Margaret McCormick, November 2008

Thursday, 20 November 2008

Birds of the Mersey Valley. Part 1: Too many Magpies!

A couple of Tuesdays ago (04/11/08) I decided to do a count of all the species of birds I saw during a circular walk around the nature reserve.

My starting point was the Turn Moss fields, accessed from Edge Lane. These playing fields are usually teeming with gulls and I must have counted 50+ Common Gulls, along with a smaller number of Black-headed Gulls mixing among them. To their number I added the usual suspects of Magpies, Carrion Crows and Woodpigeons – all seen foraging in the grass. As I approached the tree line bordering Hawthorn Lane I added to my list a Jay flying parallel to the trees before disappearing within.

My walk continued through Ivy Green, here seeing a mixed flock of tits passing noisily through the trees. The flock appeared to employ a kind of leapfrogging system, each outrider overtaken by one behind, a sequence repeated and propelling the flock forwards.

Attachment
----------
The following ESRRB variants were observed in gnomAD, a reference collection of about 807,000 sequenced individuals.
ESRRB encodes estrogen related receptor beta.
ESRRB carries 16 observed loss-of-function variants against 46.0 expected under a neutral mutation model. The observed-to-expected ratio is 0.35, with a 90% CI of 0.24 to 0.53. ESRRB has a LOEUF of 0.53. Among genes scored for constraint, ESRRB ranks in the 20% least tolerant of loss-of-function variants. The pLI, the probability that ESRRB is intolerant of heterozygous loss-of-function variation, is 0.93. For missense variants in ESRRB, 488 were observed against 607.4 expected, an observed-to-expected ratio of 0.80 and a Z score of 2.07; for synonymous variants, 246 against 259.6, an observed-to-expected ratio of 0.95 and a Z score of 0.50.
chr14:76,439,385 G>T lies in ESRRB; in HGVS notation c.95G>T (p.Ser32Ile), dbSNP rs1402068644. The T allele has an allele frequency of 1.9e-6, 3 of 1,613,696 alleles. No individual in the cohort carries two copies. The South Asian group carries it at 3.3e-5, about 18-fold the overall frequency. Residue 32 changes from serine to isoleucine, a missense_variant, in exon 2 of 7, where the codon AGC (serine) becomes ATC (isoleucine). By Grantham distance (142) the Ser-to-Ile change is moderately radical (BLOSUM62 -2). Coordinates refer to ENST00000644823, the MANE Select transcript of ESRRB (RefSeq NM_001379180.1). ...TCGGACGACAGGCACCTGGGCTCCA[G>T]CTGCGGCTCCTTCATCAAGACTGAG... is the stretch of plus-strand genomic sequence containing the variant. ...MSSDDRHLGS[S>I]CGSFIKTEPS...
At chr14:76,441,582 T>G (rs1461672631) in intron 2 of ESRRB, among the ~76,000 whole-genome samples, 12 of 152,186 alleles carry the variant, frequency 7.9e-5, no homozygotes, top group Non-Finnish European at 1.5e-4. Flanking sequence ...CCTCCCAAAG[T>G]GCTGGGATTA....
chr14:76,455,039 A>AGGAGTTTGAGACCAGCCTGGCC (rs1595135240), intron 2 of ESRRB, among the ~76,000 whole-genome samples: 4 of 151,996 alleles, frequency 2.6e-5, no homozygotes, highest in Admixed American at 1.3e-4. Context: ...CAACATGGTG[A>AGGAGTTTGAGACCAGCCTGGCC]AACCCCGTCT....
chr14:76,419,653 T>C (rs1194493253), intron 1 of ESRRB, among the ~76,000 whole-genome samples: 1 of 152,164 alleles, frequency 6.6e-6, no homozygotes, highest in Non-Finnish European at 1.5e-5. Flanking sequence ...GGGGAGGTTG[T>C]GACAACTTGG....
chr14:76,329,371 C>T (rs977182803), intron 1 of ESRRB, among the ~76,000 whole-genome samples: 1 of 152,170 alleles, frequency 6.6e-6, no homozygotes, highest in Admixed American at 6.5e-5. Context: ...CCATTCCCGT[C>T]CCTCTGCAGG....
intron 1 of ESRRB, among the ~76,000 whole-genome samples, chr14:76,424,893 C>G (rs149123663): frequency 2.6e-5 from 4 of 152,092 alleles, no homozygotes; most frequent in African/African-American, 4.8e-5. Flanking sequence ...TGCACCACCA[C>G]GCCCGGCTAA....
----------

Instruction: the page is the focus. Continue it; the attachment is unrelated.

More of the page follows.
Image taken from Google Earth showing walk.

Eventually I reached the metal footbridge over Chorlton brook. Stopping on the bridge I counted in the surrounding scrub and trees, a pair of Great Tits, Wren, Robin and Blackbird. Continuing through Chorlton Ees I walked by the line of Lombardy Poplars leading up to the old sluiceway, in this stint seeing yet more Magpies, Carrion Crows, as well as the odd gull and Woodpigeon flapping overhead. A new addition to my list was a Cormorant seen flying across the Mersey to Sale Water Park.

Taking a right I followed the sluiceway until reaching the Willowherb filled meadow by the Mersey. This is one of my favourite parts of Chorlton Meadows for bird watching, in the spring and summer a great place to see warblers. Though all long flown to their winter homes, I did count a few stand-in species, namely Dunnocks, Robins, Blackbirds and, although only seen as it took off, the unmistakeable red underwing of a Redwing, which, like the Blackbird, had been feeding on Hawthorn. Like warblers Redwings are migrants, this time winter migrants. To think this same meadow is popular with winter visitors too, the Elder and Hawthorn in particular providing valuable cover and food, seemed a nice trick and further proof of the benefit to biodiversity of these kinds of wild and unkempt meadows. Adjoining this field is a very overgrown and reedy pond. Here I heard another mixed flock moving through, this time including the odd finch or two and, lovely to see acrobatically feeding in the branches of an Alder, a Goldcrest, the UK’s smallest bird.